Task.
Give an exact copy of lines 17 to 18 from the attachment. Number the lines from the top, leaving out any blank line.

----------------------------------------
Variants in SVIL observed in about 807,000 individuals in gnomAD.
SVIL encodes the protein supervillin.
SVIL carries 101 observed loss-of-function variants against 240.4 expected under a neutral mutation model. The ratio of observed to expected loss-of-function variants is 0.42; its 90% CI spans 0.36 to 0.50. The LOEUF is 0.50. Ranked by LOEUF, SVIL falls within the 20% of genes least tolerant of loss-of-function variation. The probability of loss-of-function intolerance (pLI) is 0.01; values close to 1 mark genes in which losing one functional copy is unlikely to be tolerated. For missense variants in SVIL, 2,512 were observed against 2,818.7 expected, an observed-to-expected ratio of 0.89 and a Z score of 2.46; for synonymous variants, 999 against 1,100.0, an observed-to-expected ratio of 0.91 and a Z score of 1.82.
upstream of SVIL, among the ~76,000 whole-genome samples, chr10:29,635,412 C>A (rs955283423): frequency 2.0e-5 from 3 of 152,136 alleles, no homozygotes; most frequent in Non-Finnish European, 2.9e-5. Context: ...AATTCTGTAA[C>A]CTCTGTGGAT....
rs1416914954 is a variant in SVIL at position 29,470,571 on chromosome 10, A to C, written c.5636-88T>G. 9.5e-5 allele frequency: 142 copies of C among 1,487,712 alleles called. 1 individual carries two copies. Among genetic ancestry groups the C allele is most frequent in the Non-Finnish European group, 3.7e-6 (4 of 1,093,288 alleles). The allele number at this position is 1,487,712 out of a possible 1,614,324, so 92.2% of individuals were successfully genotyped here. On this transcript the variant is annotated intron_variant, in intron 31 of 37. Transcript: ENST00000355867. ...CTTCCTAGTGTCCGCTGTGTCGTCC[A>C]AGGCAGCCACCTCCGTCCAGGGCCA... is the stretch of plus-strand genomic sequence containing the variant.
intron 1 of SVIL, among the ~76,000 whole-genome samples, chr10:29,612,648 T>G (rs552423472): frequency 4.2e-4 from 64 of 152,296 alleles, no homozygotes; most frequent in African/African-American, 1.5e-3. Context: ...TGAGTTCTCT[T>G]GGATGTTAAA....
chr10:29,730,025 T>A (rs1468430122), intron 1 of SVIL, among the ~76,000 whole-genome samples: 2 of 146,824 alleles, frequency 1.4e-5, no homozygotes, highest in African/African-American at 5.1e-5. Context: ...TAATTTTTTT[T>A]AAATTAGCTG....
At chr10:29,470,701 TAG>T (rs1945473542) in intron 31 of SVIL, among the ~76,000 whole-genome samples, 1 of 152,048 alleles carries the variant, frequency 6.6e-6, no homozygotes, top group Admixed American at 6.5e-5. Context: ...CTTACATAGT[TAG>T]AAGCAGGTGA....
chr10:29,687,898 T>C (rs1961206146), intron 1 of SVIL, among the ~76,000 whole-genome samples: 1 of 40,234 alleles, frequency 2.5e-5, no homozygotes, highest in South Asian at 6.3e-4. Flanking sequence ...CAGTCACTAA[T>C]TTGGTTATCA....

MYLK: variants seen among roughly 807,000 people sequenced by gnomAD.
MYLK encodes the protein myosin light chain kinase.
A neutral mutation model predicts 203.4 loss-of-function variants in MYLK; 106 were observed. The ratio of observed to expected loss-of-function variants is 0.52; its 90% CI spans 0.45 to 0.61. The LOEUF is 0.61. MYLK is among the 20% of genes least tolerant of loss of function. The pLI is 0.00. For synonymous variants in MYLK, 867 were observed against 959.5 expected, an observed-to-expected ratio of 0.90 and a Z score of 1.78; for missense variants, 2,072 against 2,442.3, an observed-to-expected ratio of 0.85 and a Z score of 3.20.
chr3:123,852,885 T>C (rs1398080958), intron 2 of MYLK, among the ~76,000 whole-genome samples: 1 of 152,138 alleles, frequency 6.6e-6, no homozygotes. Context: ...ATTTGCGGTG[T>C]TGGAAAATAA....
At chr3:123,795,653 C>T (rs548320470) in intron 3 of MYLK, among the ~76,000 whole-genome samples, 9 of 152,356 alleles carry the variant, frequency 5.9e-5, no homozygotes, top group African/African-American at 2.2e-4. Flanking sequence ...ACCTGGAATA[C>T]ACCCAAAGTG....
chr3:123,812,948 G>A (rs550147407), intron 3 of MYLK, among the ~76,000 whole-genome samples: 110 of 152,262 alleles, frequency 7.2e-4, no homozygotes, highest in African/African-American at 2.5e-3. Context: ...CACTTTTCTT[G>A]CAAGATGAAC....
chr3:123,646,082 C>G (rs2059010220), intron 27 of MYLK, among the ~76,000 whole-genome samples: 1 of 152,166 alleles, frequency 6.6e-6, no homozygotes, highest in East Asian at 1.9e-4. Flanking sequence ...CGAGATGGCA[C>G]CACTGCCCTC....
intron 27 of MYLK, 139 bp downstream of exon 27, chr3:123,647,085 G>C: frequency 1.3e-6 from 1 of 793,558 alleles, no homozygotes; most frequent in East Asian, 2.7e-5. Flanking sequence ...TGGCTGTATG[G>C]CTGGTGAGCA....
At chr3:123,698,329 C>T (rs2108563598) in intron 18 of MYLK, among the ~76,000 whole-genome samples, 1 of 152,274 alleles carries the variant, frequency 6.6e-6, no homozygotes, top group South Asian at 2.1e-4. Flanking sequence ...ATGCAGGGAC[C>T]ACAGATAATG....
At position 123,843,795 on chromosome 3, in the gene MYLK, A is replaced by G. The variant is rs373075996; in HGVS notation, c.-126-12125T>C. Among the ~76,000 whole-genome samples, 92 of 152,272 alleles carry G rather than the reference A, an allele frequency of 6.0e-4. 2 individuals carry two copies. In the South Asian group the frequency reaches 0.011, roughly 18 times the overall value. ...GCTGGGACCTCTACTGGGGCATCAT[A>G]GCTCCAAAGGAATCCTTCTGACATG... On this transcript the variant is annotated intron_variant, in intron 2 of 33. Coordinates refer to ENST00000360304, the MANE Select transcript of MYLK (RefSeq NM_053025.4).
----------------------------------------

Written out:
intron 27 of MYLK, 139 bp downstream of exon 27, chr3:123,647,085 G>C: frequency 1.3e-6 from 1 of 793,558 alleles, no homozygotes; most frequent in East Asian, 2.7e-5. Flanking sequence ...TGGCTGTATG[G>C]CTGGTGAGCA....
At chr3:123,698,329 C>T (rs2108563598) in intron 18 of MYLK, among the ~76,000 whole-genome samples, 1 of 152,274 alleles carries the variant, frequency 6.6e-6, no homozygotes, top group South Asian at 2.1e-4. Flanking sequence ...ATGCAGGGAC[C>T]ACAGATAATG....